Re: backporting question
On Thu, Nov 20, 2003 at 02:59:11PM +0100, Benedict Verheyen wrote:
> 1. Am i correct that you can backport an app (not all of course)
> by getting the source from unstable or testing and then
> compiling and installing it?
> I don't know the exact instructions to accomplish this.
> Would this work:
> apt-get build-dep <package>
> apt-get source <package>
> dpkg-buildpackage -rfakeroot -uc -b
Erm, sometimes, but it depends how complicated the dependencies are. My
subversion backport requires six other packages as well (apache2, db4.1,
neon, swig1.3, tcl8.4, and tk8.4), some of which are needed at run-time
and some of which are just needed in order to sort out all the
Backporting is really a development/packaging job, I think, which is why
it's not particularly documented for users. It probably can't be - it
can legitimately be a complicated task. This is why developers who
produce backports often make them available for others to use.
> 2. If a latest and greatest application A uses libs B and C, and
> application A uses functions which are only available in these latest
> libs B and C, you will have to have these installed in order to run,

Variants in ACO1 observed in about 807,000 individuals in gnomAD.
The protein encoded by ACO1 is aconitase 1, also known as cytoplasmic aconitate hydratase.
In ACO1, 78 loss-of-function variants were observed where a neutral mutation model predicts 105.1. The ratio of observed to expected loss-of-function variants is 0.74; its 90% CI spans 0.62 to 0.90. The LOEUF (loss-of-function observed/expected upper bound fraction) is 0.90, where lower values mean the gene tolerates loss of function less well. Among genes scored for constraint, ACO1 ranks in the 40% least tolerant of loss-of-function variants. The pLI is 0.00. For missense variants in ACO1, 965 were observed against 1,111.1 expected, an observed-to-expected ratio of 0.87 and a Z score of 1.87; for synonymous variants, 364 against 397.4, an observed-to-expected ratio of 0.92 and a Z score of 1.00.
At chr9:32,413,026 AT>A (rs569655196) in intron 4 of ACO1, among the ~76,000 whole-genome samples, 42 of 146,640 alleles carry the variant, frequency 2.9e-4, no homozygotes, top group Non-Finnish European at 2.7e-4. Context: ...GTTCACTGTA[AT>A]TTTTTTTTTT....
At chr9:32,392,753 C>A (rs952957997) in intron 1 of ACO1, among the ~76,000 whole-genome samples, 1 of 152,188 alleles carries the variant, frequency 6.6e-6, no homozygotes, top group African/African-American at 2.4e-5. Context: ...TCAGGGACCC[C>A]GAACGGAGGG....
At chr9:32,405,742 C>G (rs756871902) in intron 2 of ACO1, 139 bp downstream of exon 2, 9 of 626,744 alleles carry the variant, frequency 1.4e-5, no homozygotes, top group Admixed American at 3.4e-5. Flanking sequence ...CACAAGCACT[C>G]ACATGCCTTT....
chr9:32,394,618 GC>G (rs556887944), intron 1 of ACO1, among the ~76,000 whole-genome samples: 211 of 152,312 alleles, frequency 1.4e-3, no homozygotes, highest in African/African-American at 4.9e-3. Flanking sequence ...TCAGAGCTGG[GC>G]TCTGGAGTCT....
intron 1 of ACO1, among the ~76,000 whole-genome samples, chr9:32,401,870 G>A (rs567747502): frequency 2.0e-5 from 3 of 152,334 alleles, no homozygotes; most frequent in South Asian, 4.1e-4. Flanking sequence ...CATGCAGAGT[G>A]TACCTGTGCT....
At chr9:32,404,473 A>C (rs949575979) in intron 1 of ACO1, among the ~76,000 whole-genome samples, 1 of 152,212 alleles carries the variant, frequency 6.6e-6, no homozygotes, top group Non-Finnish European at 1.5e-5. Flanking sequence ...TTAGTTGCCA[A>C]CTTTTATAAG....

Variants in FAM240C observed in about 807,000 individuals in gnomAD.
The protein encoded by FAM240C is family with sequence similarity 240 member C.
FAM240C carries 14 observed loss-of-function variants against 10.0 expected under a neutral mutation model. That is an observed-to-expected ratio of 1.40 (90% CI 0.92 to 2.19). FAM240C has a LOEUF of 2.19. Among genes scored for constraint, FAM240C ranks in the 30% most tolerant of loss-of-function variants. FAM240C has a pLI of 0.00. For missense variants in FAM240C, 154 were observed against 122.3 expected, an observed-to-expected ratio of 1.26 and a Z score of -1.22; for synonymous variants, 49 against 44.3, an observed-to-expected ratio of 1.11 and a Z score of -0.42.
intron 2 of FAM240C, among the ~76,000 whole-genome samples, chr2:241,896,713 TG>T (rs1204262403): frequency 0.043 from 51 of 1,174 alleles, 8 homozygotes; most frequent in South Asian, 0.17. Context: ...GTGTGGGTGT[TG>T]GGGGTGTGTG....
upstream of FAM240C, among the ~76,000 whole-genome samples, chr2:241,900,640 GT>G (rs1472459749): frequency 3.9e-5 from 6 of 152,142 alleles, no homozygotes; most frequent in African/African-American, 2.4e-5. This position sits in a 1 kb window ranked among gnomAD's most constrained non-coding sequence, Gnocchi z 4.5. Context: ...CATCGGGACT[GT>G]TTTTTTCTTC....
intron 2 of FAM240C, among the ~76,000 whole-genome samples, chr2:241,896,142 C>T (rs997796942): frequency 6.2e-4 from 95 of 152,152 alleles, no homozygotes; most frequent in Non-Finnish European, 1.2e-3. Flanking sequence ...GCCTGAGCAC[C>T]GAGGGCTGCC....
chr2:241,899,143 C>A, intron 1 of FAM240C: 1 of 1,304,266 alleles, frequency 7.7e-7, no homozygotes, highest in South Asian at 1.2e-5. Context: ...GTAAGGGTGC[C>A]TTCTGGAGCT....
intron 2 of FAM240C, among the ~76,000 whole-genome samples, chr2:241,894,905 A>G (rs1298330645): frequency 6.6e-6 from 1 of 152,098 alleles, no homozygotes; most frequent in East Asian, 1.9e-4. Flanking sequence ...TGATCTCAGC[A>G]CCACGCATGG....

> right? So you end up with a few unstable libs on your system anyway?
> Wouldn't it be better instead of backporting to install woody and use
> the lastest packages that you want from cvs?
I'm not sure what the functional difference is between backporting and
installing from CVS. Backporting gives you a set of .debs, but they're
built on stable for stable.
> Otherwise, backporting doesn't seem to make sense: you are using the
> latest software on a stable environment but because you install these
> latest apps, your environment becomes more unstable. Or am i missing
> something (probably)
The reason why people backport is generally to avoid having to use
*core* libraries from unstable (e.g. libc6), not applications. Simply
installing extra applications shouldn't destabilize a Unix system.
Colin Watson [firstname.lastname@example.org]